Animals were euthanized and their lungs were harvested and fixed without inflation with 2% paraformaldehyde within 2 h at room temperature. Lung lobes were initially washed with Tris-buffered saline (TBS), pH 7.4, 5 times each for 1 h and then blocked overnight with 0.3% Triton X-100 (Helicon, Moscow, Russia) and 5% powdered milk (Roth, Karlsruhe, Germany) in TBS at room temperature at 150 rpm on a shaker (Apexlab, Moscow, Russia). The airways were labeled with streptavidin conjugated to Alexa Fluor 488 (Thermo Fisher) for 3 days (23). Specimens were washed in TBS as it was mentioned above and postfixed overnight in 2% paraformaldehyde. Lung lobe optical clearing was performed at room temperature on a sample mixer MXIC1 (Thermo Fisher). For dehydration specimens were incubated with 50% methanol for 1 h and then with 100% methanol for 2 h. For clearing specimens were immersed in 1 mL of a mixture of one volume of benzyl alcohol and two volumes of benzyl benzoate (BABB) for at least 20 min. Then, the lung lobes were placed into cell imaging coverglass chambers (Eppendorf, Hamburg, Germany) and stored until the time of microscopy.
Whole-Mount Conducting Airway Specimen Preparation and Staining
Lungs were inflation-fixed with 2% paraformaldehyde and stored at 4°C overnight. The main bronchi from lung lobes (left and right inferior) were dissected. The airways were then washed with DPBS, permeabilized with 0.3% Triton X-100, and blocked with 1% bovine serum albumin (Serva, Heidelberg, Germany) and 4% normal goat serum and/or normal donkey serum (Jackson Immuno Research, Cambridge, UK). The following antibodies and dilutions were used: purified anti-mouse I-A/I-E (BioLegend), 1:50; purified rat anti-mouse Ly6G/Ly6C (BioLegend), clone RB6-8C5, 1:50; Alexa Fluor594-conjugated anti-mouse Ly6G (BioLegend), clone 1A8, 1:50; purified rat anti-mouse CD11b (BioLegend), 1:50; allophycocyanin-conjugated anti-mouse CD11b (BioLegend), 1:50; Alexa 555-conjugated goat anti-rat IgG (Thermo Fisher), 1:250; Alexa 594-conjugated donkey anti-rat IgG (Thermo Fisher), 1:250. Phalloidin-Atto 490 LS (Sigma) and Hoechst 33342 (Thermo Fisher) were used according to manufacturers recommendation. All samples were mounted in Prolong Gold mounting medium (Thermo Fisher).
Confocal Laser-Scanning Microscopy
An inverted confocal LSM780 microscope (Zeiss, Jena, Germany) was used in all experiments with either a 10× (NA = 0.3), 40× (NA = 1.4, water immersive), or a 100× (NA = 1.46, oil immersive) objective. Excitation at 405, 488, 561, and 633 nm was used to visualize Hoechst 33342, Alexa Fluor 488, Alexa Fluor 555/594, allophycocyanin and Alexa 700 fluorescence, respectively. Emission was measured in CLSM λ-mode using a 34-channel QUASAR detector (Zeiss) set to a 405–695 nm range. For quantitative analysis, images were captured as 2 × 2 tile grids at the same regions of each specimen using the 40 × objective, with an individual xyz tile size of 354 × 354 × 30 μm. Higher magnification images were acquired in z-stacks at the region of interest using the 100× objective. Spectral unmixing was performed using ZEN 2012 SP5 software (Zeiss). Finally, the images were processed using Adobe Photoshop CS version 5 (Adobe Systems, Mountain View, CA).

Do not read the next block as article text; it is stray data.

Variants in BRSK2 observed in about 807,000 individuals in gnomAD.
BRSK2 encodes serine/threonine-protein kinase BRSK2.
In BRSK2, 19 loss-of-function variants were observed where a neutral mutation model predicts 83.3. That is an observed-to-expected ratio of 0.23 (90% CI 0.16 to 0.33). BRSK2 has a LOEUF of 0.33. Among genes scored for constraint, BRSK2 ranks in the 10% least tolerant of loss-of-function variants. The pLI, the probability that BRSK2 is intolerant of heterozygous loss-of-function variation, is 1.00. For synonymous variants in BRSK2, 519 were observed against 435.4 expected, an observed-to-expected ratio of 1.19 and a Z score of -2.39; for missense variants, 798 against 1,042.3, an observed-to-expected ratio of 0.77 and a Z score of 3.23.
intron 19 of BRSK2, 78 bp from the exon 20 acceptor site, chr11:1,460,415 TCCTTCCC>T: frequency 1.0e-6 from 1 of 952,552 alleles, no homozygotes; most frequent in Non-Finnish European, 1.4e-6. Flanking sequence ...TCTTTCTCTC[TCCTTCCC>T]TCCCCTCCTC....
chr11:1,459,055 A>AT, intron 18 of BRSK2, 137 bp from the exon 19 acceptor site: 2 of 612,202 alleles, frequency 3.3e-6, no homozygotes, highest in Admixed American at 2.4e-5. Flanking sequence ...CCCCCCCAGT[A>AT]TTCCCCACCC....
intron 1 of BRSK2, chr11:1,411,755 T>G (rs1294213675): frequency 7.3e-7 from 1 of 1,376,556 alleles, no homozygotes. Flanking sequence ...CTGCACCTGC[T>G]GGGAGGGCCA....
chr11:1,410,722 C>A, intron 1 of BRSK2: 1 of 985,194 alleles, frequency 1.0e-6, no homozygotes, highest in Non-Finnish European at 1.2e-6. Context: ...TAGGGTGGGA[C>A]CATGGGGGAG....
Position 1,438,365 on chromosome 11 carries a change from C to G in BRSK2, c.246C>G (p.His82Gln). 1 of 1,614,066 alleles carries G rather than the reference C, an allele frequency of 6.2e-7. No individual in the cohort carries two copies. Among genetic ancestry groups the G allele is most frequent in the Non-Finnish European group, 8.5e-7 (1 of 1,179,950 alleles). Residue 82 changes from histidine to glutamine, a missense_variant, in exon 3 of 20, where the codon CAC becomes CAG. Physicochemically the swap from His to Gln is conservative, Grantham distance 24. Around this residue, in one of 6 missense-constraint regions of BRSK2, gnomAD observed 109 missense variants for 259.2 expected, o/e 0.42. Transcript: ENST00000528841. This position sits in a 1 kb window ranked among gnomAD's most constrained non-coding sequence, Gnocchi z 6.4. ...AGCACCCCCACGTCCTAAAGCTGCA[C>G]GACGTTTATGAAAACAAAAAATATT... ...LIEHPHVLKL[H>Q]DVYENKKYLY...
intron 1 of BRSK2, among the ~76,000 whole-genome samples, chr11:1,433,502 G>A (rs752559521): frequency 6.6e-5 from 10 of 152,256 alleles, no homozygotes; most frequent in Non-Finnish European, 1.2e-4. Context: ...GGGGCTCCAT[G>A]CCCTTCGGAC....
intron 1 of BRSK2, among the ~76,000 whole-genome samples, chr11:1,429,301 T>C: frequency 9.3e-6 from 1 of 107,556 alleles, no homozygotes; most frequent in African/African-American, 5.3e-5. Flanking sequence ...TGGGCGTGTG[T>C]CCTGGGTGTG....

Quantitative Image Analysis
Image stacks were analyzed using Imaris version 7.6.5 software (Bitplane Scientific Software, Zurich, Switzerland). MHCII+ APCs, CD11c+ cells, Ly6G+ neutrophils, CD11b+ phagocytes and A. fumigatus conidia, along with the epithelial and smooth muscle layers, were identified and processed via “three-dimensional surface rendering” of the appropriate channel, as previously described (22). The threshold and filter settings were optimized by visually comparing the result with the maximum intensity projection. Based on the epithelium and smooth muscle layer position, the “Crop 3D” function was applied to each image to obtain the appropriate region for quantification. The cell number was automatically calculated from the respective surface objects. Visual inspection was performed to confirm the accuracy of the automated quantitation results. The number of IE-DCs was quantified manually.
The data are presented as the graph or the scattered dot plot with the median and interquartile range (IQR) for at least 4 mice. Each point is an average of values that were obtained from different regions of the specimen (n = 2–4). The differences between two groups were analyzed with the Mann–Whitney U test using GraphPad Prism 7 software (GraphPad Software, San Diego, CA). A p < 0.05 was considered statistically significant.
Conducting Airway Mucosal Antigen-Presenting Cell Response to A. fumigatus Conidia